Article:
I don’t make this stuff up, just relay it for those who are or might be interested in giving the special child(ren) in their lives a special gift this holiday season.

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Sep 28

Finding the SELF in Self-Publishing

Tonight, as I emailed final approval for “Addie and Ollie” to Lulu.com, I thought I’d share some of the wonder, and irony, I’ve discovered in my self-publishing voyage.

First, if you follow my shared creativity blog, 4 Chicks and a Muse, you’ll know that the other Chicks and I continue to be very inspired by Julia Cameron. I only recently learned, however, that this bestselling author of the groundbreaking Artist’s Way series of books has always herself self-published. She vows it’s the only way she’ll ever go.

The truth is, I always thought of self-publishing as the easy way out. You know, those who can’t get published, self-publish. I mean, anyone with enough cash on hand to buy a knock-off laptop can publish their own book. Where’s the honor in that? How can you call yourself a REAL author if you publish yourself, right? Well, Julia certainly proves those assumptions wrong.

But for me, the real answer came some months back. Throughout this journey, my primary contact at Lulu.com has been a friendly and patient gentleman by the name of Gannon H. No, I’m not reserving his last name for privacy; that’s how his emails come. It’s all very efficient, and yet mysterious.

Anyway, after Gannon H. forwarded me a Lulu editor’s comments last spring, I was completely lost. He (or she) had said kind things in the general remarks. But when it came to specific feedback, I panicked.

It’s not like there were a lot of remarks, or that they were drastic. Nevertheless, I pored over the dozen or so relatively minor suggestions for days, maybe weeks. I’m sure that in between I worked very hard to avoid looking at the document at all.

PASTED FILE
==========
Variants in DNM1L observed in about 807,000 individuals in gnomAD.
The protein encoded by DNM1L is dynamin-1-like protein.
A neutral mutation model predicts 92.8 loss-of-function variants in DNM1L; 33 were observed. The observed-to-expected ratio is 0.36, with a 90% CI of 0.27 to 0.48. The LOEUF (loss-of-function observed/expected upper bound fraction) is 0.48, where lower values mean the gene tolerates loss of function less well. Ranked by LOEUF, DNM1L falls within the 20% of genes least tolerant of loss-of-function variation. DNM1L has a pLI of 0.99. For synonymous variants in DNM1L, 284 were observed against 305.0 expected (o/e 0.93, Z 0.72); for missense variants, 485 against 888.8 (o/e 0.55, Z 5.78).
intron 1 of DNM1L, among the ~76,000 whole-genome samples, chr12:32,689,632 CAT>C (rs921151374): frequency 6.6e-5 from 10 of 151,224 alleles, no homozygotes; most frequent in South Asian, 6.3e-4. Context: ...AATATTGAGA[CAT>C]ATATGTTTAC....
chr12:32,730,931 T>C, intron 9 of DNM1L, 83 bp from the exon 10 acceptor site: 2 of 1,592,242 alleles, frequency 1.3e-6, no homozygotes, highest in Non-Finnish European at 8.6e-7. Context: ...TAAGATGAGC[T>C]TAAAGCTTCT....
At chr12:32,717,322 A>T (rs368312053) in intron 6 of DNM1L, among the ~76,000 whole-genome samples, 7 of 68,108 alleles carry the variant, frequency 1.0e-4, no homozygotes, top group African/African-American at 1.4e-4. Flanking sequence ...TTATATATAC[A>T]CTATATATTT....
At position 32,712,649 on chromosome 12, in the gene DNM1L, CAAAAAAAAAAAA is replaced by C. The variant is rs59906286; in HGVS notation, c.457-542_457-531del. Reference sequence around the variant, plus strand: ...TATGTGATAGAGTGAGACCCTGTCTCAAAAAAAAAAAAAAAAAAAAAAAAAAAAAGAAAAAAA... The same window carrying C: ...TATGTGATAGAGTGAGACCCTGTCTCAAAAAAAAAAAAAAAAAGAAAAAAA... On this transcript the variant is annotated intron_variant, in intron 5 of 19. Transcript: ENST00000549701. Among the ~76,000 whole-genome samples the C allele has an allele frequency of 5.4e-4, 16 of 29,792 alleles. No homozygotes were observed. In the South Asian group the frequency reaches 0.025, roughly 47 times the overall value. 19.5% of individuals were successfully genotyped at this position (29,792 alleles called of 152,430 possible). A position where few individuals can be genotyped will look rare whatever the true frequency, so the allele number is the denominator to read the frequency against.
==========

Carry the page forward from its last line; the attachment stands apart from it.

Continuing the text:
Ultimately, I came to understand that the thinking and purpose behind each remark was very useful. However, I was torn because I didn’t necessarily agree with the exact words with which to accomplish each objective.

Mostly, this had to do with my rhyme scheme. I’m pretty picky about rhyme and rhythm. As a mom, I know I most enjoy re-reading books to my kids that are easy to speak. Dr. Seuss couplets roll off the tongue like happy little musical refrains. You feel where accents should be, even if there were no punctuation at all. I think children understand the music of books before they understand their meaning.

Thus entrenched in this dilemma, I suggested to GH that I speak with said mystery editor directly. If he (or she) knew my reasoning, perhaps they would approve of another solution. My contact informed me that this was not part of the process. What he told me next was nothing less than an abomination to this lifelong people-pleaser.

“It’s up to you,” he explained earnestly. “It’s your book, so it’s whatever YOU want.”

This was not acceptable. I had to get off the phone. How could I work under these conditions? (Diva hair flip)

I needed direction. I needed approval. I needed someone else to tell me what was best!

Gannon was, of course, right. Pondering his simple statement of the facts, I realized the full value of the gift I had been given to be able to self-publish first, if not always. It would force me, at least for a moment, to stop obsessing about what other people thought about what I wrote. I had to trust my voice, and my decisions. I had to approve of my words. Worse yet, I had to approve of myself.

It’s a lesson I don’t claim to have mastered but one I had to act on–or else. If I didn’t, the book wouldn’t get published. It was that simple.

I did (eventually) make those tough decisions. Tonight I made the last of them when I told Gannon H.–and Tracey J. S.–that the book was good to be printed. It was I who gave final approval, and it felt frightening/foreign/wonderful/empowering.

I can only hope this is the beginning of a trend.

And as you forward your own creative work–from writing, dancing or sewing to painting, singing or redecorating the living room–feel free to learn from my mistakes.

Seek out good advice wherever  you can, but not approval. You know what feels right. Now go with it!